Tuesday, January 5, 2021

Coronavirus vaccine means the masks can come off. Eventually; Masks will become a new norm after coronavirus pandemic ends, and other C-Virus Updates

Coronavirus vaccine means the masks can come off. Eventually:
The coronavirus vaccine is leading to hope that precautions such as wearing masks and social distancing might be forgone.
Dr. Anthony Fauci, director of the National Institute of Allergy and Infectious Diseases, predicted in November that the United States wouldn't return to normal until the very end of 2021 and hinted that it might not be until 2022.
But vaccines could speed up that timeline.
Once enough people are vaccinated, coronavirus cases will decline, according to Mark Slifka, a professor of microbiology and immunology at Oregon Health and Science University. Once they decline enough, wearing masks and social distancing may no longer be necessary.
“People will still have to wear masks until, and this is the good news, all of the vaccinations have reduced incidence of the coronavirus, and all of these other measures have reduced incidence. We can then finally go back to not wearing masks,” said Slifka.
But don’t expect that to happen in the near future.
“It will take time,” Slifka said. “But it won’t be each individual vaccinated person’s choice. It will occur when the community is immune, then the transmissions go down, and then communities can drop the mandates.”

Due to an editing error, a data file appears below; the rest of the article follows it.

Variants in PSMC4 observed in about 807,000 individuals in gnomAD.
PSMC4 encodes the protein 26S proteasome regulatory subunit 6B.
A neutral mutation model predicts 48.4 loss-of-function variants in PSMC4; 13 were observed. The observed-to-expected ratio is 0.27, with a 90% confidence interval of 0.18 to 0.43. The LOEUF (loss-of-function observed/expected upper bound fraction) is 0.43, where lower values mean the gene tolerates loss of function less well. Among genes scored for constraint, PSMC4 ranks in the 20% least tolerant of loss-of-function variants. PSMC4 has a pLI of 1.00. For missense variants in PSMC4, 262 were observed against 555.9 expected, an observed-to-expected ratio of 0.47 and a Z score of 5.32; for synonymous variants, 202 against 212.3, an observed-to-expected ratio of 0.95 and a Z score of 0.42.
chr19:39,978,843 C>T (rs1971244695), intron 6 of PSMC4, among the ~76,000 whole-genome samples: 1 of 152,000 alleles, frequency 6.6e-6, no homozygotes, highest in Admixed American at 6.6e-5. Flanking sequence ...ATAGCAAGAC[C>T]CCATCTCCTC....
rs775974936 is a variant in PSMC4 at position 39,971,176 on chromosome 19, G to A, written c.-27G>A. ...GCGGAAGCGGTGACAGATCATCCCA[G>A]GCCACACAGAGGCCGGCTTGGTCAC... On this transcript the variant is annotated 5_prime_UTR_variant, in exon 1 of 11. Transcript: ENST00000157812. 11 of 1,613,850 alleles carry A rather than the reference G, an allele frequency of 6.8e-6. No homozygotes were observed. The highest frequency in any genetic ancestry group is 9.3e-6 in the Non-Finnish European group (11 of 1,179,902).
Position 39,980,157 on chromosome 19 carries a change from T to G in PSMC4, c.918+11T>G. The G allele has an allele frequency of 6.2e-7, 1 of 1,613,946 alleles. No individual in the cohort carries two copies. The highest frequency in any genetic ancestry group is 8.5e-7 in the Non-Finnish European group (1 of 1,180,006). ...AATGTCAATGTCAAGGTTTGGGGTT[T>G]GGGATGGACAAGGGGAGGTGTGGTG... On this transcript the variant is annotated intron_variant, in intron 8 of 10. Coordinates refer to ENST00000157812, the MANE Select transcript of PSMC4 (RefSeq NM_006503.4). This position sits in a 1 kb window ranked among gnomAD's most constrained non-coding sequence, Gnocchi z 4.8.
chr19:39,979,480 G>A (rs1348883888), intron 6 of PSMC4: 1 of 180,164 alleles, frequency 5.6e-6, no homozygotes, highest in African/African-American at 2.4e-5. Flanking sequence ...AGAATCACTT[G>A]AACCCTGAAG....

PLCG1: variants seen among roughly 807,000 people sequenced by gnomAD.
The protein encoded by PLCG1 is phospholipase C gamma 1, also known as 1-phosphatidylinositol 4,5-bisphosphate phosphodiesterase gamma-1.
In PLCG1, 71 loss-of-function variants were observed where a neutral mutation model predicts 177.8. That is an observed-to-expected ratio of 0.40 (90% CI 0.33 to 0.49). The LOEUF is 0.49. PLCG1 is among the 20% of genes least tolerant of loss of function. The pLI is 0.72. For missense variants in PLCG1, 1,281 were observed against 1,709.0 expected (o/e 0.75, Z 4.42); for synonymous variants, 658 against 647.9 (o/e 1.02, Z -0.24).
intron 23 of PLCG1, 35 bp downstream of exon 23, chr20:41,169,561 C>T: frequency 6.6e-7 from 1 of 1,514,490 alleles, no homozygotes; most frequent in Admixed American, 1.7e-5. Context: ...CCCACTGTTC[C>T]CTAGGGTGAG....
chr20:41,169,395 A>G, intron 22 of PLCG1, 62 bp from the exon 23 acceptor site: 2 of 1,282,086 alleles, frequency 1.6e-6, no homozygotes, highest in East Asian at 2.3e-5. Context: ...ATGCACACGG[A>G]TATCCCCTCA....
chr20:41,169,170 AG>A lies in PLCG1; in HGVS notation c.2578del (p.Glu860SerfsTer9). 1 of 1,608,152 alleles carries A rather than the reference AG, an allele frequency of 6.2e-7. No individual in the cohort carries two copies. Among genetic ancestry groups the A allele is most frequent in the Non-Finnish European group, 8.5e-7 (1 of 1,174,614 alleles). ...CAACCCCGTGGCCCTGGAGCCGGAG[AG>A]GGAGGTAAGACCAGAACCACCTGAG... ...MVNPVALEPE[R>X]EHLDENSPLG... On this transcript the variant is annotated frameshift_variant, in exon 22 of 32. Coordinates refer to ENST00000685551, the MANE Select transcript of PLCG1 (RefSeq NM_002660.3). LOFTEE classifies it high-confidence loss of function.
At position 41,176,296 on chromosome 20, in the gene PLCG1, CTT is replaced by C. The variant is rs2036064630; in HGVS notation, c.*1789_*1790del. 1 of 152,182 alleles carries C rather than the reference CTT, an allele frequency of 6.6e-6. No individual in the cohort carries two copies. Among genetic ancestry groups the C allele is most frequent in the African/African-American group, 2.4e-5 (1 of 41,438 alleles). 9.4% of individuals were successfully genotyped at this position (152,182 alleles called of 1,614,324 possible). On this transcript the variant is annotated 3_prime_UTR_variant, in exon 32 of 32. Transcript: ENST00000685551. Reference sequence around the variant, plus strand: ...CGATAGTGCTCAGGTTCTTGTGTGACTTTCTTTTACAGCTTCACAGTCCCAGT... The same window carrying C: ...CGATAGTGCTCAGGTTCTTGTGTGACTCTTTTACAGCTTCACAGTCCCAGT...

Slifka noted that the process will not occur uniformly in the U.S., as it may take longer in urban and suburban areas than rural ones. --->READ MORE HERE
AP Photo/David Zalubowski, File/AP
Masks will become a new norm after coronavirus pandemic ends:
Masks. Get used to it.
The mask remains politically polarizing, but they aren’t a weird sight anymore. Health experts predict they will be a post-pandemic norm in fighting the flu and even the common cold.
“Maybe the cough is the new smoking-in-public. If you’re doing it without a face mask, maybe you’ll be looked at awkwardly,” said Dr. Panagis Galiatsatos, an assistant professor at Johns Hopkins School of Medicine and physician of pulmonary and critical care medicine.
Wearing a mask is already a common practice in many East Asian cultures. Transit riders from Seoul to Hong Kong often wear them if they’re coming down with something, a public-health measure borne in part from the SARS outbreak in 2003.
Routine mask-wearing might be asking too much of Americans, a land of rugged individuals. But doctors see ample room for targeted use, especially during flu season.
“I think there will be some carryover among the people who are mask-committed already. They see the logic, they feel the logic of that protection. I think doctors might even recommend it, particularly to high-risk patients,” said William Schaffner, an infectious-disease specialist at Vanderbilt University. --->READ MORE HERE
Follow links below to related stories and resources:

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USA TODAY: Coronavirus Updates

WSJ: Coronavirus Live Updates

YAHOO NEWS: Coronavirus Live Updates

NEW YORK POST: Coronavirus The Latest

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